Sega knew of the PSX long before CES, Sony literally approached them to make the PSX after their deal with Nintendo failed. What CES did was show that Sega got bad intel, and that they needed to add more power, which became a second SH2.

          They did not put 3D on 2D hardware. 3D was just done using quads instead of triangles. It allowed them to optimize the processor to work in tandem with the 2D. The system still had polygons, but a textured polygon worked the same way as a sprite because at the end of the day, there really was no difference.

          The SH2 was not a poor decision at all, it allowed the Saturn to get beefed up with a second processor (which itself was not a bad thing.)

          Marketing wasn’t then problem , lack of it was. Most people were not aware the Saturn even existed in launch.

          Games like Policenauts and Snatcher were not system sellers here. Anime themed content was still incredibly niche at the time. Konami was correct with Contra, just forgot how go make a good Contra game.

          Dreamcast was not announced too early. Saturn was pretty much dead by the time it was announced. The problem was how it was announced, with “the Saturn is not our future” line making developers pull out sooner instead if releasing content that was planned to flop.

          1. “Most people were not aware the Saturn even existed in launch.”
            I was not into gaming and consoles on that time but I remember that leading gaming magazine (Secret Service) was betting on Sega Saturn rather than Playstation. Selling titles were were supposed to be Virtua Fighter, Sega Rally and some one or two more games. Tech specs was claimed to be superior to PS. To me it was clear on that time that Sega would win this race.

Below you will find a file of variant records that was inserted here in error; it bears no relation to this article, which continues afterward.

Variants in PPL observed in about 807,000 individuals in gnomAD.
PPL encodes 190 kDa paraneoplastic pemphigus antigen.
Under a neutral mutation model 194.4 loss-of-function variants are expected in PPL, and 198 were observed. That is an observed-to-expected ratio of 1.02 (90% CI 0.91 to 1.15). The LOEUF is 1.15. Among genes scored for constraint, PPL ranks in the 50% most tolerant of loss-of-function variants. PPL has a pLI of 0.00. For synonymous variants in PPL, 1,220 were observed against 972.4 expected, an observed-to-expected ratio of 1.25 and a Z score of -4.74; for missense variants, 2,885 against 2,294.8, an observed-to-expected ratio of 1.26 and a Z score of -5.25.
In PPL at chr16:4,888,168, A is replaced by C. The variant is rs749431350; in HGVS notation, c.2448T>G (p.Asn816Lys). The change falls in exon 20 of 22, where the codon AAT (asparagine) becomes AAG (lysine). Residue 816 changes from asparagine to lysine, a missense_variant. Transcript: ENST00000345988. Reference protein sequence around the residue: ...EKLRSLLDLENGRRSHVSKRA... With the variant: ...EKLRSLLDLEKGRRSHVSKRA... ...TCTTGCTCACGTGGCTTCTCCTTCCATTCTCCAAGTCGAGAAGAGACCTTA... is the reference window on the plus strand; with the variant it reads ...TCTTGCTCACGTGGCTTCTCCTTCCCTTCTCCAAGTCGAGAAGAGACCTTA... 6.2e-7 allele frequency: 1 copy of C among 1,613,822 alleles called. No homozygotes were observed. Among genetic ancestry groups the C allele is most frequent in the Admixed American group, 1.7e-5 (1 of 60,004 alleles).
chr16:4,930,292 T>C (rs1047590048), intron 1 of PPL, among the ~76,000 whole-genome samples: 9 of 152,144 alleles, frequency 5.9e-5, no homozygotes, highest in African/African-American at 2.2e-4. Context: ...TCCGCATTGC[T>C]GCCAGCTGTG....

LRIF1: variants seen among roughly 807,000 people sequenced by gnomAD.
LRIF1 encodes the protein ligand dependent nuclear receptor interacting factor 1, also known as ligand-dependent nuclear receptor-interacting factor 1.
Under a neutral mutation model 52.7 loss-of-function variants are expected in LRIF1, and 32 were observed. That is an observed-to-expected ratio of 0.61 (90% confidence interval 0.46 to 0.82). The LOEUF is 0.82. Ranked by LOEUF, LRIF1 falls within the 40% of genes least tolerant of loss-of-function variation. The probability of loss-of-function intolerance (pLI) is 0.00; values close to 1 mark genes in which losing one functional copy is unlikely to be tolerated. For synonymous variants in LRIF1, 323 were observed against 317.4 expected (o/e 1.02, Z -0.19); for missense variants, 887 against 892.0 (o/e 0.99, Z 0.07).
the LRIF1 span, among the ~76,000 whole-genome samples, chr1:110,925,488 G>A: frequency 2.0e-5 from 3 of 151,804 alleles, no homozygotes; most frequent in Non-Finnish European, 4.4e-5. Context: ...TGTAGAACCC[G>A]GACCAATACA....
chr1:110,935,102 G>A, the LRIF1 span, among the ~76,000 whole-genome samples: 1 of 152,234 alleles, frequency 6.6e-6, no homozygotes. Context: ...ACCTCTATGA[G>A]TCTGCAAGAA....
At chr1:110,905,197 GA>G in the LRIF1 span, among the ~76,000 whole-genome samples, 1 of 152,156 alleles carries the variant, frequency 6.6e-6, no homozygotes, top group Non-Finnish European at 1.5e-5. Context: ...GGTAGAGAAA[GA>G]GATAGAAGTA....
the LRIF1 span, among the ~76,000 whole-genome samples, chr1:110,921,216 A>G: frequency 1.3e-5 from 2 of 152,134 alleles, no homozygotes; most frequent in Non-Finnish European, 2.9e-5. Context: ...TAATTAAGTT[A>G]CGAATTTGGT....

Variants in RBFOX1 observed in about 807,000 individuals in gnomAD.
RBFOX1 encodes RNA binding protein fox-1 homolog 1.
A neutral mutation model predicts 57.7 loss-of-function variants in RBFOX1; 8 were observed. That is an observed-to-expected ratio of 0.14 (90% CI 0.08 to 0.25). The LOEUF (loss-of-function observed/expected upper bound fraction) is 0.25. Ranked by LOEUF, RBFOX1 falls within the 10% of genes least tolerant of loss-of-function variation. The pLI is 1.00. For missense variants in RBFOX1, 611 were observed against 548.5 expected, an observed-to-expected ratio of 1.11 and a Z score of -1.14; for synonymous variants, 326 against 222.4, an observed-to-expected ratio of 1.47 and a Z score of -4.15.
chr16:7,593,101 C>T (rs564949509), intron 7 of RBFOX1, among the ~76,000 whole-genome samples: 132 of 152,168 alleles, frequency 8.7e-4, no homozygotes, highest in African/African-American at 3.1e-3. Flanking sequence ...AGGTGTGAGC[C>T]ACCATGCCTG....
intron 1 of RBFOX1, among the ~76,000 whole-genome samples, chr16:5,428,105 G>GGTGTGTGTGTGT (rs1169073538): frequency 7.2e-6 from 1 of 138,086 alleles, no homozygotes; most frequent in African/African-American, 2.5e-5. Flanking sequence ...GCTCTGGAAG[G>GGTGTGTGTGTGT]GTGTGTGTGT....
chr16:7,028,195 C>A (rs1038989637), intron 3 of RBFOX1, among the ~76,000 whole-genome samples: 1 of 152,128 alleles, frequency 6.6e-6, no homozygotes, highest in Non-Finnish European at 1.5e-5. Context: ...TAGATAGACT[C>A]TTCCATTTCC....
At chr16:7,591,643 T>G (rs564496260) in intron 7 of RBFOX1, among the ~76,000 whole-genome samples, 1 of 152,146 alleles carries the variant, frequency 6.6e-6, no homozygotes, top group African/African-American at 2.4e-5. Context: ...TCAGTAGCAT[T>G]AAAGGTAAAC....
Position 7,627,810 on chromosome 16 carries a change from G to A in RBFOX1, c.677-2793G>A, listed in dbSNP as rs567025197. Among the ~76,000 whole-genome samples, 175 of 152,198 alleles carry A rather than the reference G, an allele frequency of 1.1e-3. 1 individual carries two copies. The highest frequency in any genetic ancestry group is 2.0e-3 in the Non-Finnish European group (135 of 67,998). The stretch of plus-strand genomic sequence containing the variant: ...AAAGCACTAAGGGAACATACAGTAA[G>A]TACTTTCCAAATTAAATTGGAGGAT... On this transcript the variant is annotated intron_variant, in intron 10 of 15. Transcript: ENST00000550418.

Anyway gamers in Poland knew about Saturn as much as about Playstation. I wonder if this was specific only for my country?

          2. PPJ wasnt ‘Secret Service’ the mag with article hailing S3 Virge as _the 3D accelerator_ to get in 1996? Same timeframe as the flood of Bobmark Saturn adverts. SS at the time was willing to print whatever provided sufficient advertising budged.

      2. The story of 3D being a last-minute addition is almost certainly not true. We know there were some late changes (e.g. a developer presentation from April 1994 specifies the main memory as 1.5MB SDRAM. An updated version of the same presentation from May 1994 specifies 1MB of SDRAM and 1MB of DRAM, which is what the final hardware has. It’s probably not a coincidence that the Playstation had 2MB of main memory), but there’s no evidence the machine wasn’t intended to play 3D games from the start.

        Sega were pioneers in 3D gaming, and they absolutely knew which way the industry was heading (Ken Kutaragi himself claimed it was only after Sega released Virtua Racing and Virtua Fighter in the arcades that third-party developers became interested in the Playstation). It makes no sense for them to design a 2D-only console.

        As for their dealings with Hitachi, I don’t think it was such a bad decision, regardless of any backroom dealings. The SH-2 architecture was an improved version of the SH-1 designed specifically based on input from Sega’s engineers, much like the SH-4 used in the Dreamcast. Hitachi also manufactured many of the Saturn’s custom ICs, and supplied e.g. the memory chips. It’s unlikely they’d receive this amount of support if they’d used commercially available devices (the rest of the custom ICs were manufactured by Yamaha, who also designed the console’s audio hardware.)

        1. The Sega Saturn architect stated that the toxic culture at Sega of Japan prevented any team from sharing information. So while Team AM was at the top, none of it’s work ever made it into the Saturn. The additional SH2 was a last minute addition and using both SH2 at the same time required a hack that wasn’t discovered until a year after the Japan launch.